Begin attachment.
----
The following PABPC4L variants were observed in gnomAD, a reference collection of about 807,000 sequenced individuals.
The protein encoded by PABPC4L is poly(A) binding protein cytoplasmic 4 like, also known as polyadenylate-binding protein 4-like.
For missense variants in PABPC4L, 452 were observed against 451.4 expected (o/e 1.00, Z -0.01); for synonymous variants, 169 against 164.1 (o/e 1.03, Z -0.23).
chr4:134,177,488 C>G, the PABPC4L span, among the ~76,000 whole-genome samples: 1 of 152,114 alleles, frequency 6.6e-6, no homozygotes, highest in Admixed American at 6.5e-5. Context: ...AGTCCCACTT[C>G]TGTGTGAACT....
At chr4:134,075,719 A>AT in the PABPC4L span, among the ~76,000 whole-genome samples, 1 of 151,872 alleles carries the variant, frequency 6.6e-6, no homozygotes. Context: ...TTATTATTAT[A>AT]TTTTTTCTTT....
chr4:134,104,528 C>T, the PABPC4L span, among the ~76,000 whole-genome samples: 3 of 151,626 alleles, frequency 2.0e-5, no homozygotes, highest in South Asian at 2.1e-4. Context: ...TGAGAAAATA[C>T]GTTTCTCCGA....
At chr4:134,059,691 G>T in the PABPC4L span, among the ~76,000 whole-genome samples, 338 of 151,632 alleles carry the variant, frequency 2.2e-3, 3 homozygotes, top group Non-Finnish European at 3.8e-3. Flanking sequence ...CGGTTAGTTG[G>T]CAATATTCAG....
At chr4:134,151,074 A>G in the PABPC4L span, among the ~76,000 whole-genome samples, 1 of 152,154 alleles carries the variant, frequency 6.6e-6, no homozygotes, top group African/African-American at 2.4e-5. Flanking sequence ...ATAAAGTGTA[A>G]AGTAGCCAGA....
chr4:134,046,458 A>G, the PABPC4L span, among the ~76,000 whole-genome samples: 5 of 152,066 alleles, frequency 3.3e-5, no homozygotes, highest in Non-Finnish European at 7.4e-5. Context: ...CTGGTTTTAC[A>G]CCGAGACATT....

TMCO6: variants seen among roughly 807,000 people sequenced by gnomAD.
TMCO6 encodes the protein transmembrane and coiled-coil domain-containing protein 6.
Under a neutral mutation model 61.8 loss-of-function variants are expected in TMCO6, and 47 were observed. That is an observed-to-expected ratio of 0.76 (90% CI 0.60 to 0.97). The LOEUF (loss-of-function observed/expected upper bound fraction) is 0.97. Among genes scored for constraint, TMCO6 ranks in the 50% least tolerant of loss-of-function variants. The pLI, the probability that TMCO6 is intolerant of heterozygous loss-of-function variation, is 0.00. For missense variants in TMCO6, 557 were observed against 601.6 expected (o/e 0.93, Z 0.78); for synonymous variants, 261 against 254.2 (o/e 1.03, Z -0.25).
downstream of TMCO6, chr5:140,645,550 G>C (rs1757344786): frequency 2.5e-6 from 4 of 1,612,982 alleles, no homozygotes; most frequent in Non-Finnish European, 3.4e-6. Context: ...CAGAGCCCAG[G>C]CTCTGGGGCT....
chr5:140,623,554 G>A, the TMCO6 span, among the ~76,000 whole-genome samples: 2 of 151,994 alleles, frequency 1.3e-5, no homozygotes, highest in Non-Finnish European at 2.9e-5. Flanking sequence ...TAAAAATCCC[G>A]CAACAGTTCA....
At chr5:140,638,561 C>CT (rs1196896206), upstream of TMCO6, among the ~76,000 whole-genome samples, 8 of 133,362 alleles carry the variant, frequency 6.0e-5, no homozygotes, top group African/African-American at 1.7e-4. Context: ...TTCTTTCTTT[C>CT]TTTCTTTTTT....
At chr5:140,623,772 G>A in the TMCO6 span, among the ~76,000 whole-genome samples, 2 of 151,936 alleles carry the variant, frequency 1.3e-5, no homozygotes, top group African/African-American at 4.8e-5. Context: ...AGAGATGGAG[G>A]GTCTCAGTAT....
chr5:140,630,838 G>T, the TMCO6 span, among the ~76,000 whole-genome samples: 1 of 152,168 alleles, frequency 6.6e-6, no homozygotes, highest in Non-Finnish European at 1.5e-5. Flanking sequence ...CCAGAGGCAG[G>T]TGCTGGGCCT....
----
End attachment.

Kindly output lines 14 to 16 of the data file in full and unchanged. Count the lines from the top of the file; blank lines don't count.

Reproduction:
chr5:140,623,554 G>A, the TMCO6 span, among the ~76,000 whole-genome samples: 2 of 151,994 alleles, frequency 1.3e-5, no homozygotes, highest in Non-Finnish European at 2.9e-5. Flanking sequence ...TAAAAATCCC[G>A]CAACAGTTCA....
At chr5:140,638,561 C>CT (rs1196896206), upstream of TMCO6, among the ~76,000 whole-genome samples, 8 of 133,362 alleles carry the variant, frequency 6.0e-5, no homozygotes, top group African/African-American at 1.7e-4. Context: ...TTCTTTCTTT[C>CT]TTTCTTTTTT....
At chr5:140,623,772 G>A in the TMCO6 span, among the ~76,000 whole-genome samples, 2 of 151,936 alleles carry the variant, frequency 1.3e-5, no homozygotes, top group African/African-American at 4.8e-5. Context: ...AGAGATGGAG[G>A]GTCTCAGTAT....